Andrew Zajac of the Los Angeles Times penned what I hope to be correct – “Bill giving FDA new powers to oversee food supply has wide support.” He says, “Industry and public backing — a recent poll showed 90% of voters favor measures similar to those in the legislation — adds up to a "quick win for both parties."
According to those inside the beltway, that seems to be the case:
- "There’s broad public support. It would be a quick win for both parties," said Erik Olson, director of chemical and food safety programs, in Pew’s Health & Human Services Policy program. "This is a rare situation where the industry is shoulder to shoulder with consumers."
- The legislation, sponsored by Sen. Richard J. Durbin (D-Ill.), would require the FDA to step up inspections of food facilities and to issue new rules to improve the quality of imported food and to combat contaminants in fresh produce. The measure also would give the agency authority to recall products on its own, instead of relying on industry cooperation.
- "Hardly a week goes by that there isn’t a report of an outbreak of food-borne illness or death in America," Durbin said. "The current system really just reacts to food illness. We have to have a system that is protective of consumers" by preventing outbreaks or nipping them in the bud.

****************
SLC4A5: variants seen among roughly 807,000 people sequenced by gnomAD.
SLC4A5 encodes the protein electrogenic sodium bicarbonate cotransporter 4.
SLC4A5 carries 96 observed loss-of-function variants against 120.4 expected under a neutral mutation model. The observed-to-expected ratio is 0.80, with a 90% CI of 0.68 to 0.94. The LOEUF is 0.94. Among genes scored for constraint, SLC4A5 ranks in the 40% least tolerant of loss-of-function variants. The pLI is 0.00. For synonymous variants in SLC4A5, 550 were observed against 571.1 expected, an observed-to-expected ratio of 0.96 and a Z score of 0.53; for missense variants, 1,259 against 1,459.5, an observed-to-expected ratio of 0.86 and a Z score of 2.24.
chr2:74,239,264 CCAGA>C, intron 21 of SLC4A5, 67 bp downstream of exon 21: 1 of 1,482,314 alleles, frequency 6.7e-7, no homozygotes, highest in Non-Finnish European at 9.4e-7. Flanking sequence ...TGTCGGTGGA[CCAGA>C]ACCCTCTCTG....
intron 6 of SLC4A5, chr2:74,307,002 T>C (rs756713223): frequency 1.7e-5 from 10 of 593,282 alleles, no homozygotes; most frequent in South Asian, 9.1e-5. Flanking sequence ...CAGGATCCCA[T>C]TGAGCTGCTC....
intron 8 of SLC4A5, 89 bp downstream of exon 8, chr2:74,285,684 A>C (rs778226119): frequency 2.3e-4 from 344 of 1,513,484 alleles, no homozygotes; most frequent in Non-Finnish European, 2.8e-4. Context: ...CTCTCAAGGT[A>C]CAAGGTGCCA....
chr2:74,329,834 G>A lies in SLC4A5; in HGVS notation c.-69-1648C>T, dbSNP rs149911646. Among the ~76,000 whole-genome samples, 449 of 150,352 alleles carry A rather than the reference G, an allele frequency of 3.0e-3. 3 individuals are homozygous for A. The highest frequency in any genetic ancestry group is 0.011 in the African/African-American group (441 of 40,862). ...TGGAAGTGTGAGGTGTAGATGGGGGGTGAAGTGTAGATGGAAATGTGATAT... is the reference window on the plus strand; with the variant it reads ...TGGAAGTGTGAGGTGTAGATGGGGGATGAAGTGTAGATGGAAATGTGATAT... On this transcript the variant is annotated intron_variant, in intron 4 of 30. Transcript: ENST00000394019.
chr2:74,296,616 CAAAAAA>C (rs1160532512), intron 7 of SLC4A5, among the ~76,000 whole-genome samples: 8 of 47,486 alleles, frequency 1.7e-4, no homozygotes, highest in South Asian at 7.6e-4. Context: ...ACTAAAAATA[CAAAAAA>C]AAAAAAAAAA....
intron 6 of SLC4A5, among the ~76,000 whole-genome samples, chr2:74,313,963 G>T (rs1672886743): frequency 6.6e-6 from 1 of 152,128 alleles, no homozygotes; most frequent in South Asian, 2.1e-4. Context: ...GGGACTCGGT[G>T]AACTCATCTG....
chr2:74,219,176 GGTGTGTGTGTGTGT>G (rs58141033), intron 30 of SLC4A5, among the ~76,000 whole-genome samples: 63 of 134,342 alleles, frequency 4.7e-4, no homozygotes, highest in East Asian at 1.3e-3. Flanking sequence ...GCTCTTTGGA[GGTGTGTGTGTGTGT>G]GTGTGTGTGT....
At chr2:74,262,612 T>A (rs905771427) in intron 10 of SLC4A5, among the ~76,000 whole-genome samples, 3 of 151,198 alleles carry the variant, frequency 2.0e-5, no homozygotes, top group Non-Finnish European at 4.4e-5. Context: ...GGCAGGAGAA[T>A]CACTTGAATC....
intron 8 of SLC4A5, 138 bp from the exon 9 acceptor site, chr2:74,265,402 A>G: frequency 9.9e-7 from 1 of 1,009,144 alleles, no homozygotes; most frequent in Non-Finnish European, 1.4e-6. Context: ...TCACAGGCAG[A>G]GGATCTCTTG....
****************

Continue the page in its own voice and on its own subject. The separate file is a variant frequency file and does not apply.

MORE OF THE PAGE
- An indication of the breadth of support for reform is the list of co-sponsors on Durbin’s bill. It includes five Republicans, including Sens. Saxby Chambliss and Johnny Isakson, both senators from Georgia, a state hard hit by the peanut recall.
- "This legislation affords regulators the authority they need to better identify vulnerabilities in our food supply while maintaining the high level of food safety most Americans enjoy and take for granted," Chambliss said in a statement.
Even someone in the "other Washington got a word in:
Bill Marler, a Seattle attorney who specializes in representing victims of food-borne illness. One little-noticed provision of both versions of the food safety bill requires the FDA to bolster the capabilities of local and state officials to spot illness outbreaks more promptly, Marler said.
"Assuming proper funding — and that’s a big assumption — the focus on money flowing to state and local health departments would allow you to do more rapid surveillance," Marler said. "They would have more information sooner and illness and business disruption would be reduced."
/* Style Definitions */
mso-padding-alt:0in 5.4pt 0in 5.4pt;
font-family:”Times New Roman”;